New London - Assistant City Clerk Dawn Currier, who began her new job at the end of January, opened up the newspaper last week to learn that her position had been eliminated.
"I can't take it. This past week has been more stressful than anything you could imagine,'' said Currier, who has contracts to sell her home in Uncasville and move to New London later this month. "And it's not just affecting me. It's every office within the city. Regardless of me losing my job, everyone is scrambling. We're getting our work done, but it's hard to focus.''
Currier was also perplexed on Tuesday, when she said she heard she may not be losing her job after all. At Monday's City Council meeting, City Attorney Jeffrey Londregan interpreted the City Charter to mean that the city must have an assistant city clerk.
But Currier said no one has told her anything official. "It's pretty bad when you have to check the New London Day website a couple times a day to find where your life is heading,'' she said.
Currier is one of about 50 workers who are facing layoffs or retirement since Daryl Justin Finizio became mayor in December.
When residents voted in the mayor form of government in 2010, they wanted change. Now, six months after the election of the city's first strong mayor in decades, Finizio is altering the face of city government.
Since January, seven long-time employees have retired or are planning to retire, taking with them more than 100 combined years of institutional knowledge. They include the city clerk, assistant city clerk, two police captains, the assessor and the personnel director. The special assistant to the city manager also left his position.
About 45 others have been put on notice that they will lose their jobs on June 30 if there aren't adequate union concessions. Positions scheduled for elimination include 68 teachers, 25 firefighters, 10 police officers, four employees in the building-inspection department, three in public works, two in information technology and one in recreation.
"I've never seen it as bad as this,'' said one city employee who asked not to be identified.
Firefighters have been picketing outside City Hall and attending City Council meetings protesting cuts to about a third of the force.
"I feel like I'm being punished for being a firefighter here in New London,'' Reginald Hanson told the council last week. "I'm scared for myself, for my family, for my brother firefighters, and I'm scared for the citizens of New London.''
Finizio said Tuesday he was unsure what would happen with the five positions - assistant city clerk, director of development and planning, the mayor's office administrator, the director of risk management and the new deputy police chief - that the City Council eliminated last week during budget deliberations. He said he has yet to review his options.
Finizio added that he will go forward with other layoffs unless he gets "modest concessions" from the firefighters' union on minimum staffing levels. In return, he's offering a defined pension plan so the oldest members of the department, who are making the most money, can retire. That would open up positions for younger firefighters who earn less money.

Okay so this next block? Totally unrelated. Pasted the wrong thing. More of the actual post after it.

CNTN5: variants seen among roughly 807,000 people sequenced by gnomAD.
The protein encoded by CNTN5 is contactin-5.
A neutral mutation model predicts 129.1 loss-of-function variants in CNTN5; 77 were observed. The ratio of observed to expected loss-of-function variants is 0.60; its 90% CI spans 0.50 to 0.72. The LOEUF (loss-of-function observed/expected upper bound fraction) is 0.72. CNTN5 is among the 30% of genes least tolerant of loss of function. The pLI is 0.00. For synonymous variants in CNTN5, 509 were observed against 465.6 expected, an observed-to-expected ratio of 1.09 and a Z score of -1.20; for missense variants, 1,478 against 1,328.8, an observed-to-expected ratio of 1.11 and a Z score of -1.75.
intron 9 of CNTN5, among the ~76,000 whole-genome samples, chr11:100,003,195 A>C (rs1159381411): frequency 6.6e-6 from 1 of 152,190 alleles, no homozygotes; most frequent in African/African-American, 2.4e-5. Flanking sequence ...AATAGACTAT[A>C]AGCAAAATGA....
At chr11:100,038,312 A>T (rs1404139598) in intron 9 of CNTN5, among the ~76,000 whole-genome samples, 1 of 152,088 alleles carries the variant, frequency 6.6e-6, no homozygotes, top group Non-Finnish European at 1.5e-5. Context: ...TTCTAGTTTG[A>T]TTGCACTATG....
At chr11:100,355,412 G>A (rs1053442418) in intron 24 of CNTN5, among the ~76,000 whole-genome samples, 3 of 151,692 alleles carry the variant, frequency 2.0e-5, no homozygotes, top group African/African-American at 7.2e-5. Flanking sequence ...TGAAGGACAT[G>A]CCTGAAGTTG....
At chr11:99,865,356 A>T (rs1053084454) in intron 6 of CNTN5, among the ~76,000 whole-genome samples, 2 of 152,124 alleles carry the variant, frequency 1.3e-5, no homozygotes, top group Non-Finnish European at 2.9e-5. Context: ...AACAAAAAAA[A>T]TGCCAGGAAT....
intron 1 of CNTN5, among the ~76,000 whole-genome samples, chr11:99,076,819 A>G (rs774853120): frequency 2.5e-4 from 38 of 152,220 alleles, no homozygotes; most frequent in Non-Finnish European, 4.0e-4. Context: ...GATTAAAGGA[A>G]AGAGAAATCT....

"I don't want to see anyone lose their job or lose their home or business because of a tax increase," Finizio said. "The only way to avoid layoffs and maintain services is with a 20 percent tax increase.''
Finizio said he's been forced to take such drastic measures because for years the city has overestimated revenues and underfunded departments, leading to "a worst-case scenario" of a $12 million deficit over three years.
The mayor has proposed an $87 million budget with a 20 percent increase in taxes, which would have preserved all services and jobs. The City Council came back with an $83 million budget, which is about an 8 percent increase in taxes. Finizio announced the layoffs after the council approved the first of three readings of the budget.
City Council President Michael Passero, who has not spoken with the mayor since layoff notices were sent out, said the administration has not been forthright with the council.
"It's an unmitigated disaster,'' Passero said Tuesday. "There's no leadership coming from the administration. They're completely incompetent. And if they don't sit up and fly right, we're careening toward disaster."
Some in the community agree with Passero, who is a firefighter, and are advocating for a new charter revision commission to at least clarify language about the mayor's duties, powers and responsibilities.
"We're at a tipping point,'' said Gordon Videll, a New London attorney who was among a group of people proposing reopening the City Charter.
On Monday the council was one vote short of the required five votes to establish a charter revision commission.
"Thus far, charter revision has turned out to a bad failed experiment,'' said Videll, who acknowledges he was opposed to the strong mayor form of government. "It needs to be changed in order for our city and our community to move forward."
But Finizio said he is facing immense institutional resistance. "Only a strong mayor will be able to breach the status quo,'' he said.
Passero disagreed. "He needs to stop challenging the authority of the council," he said of the mayor. "He's the executive. He has to run the day-to-day operations of the city, has to work within the budget that the council gives him, and he has to respect the policies of the council."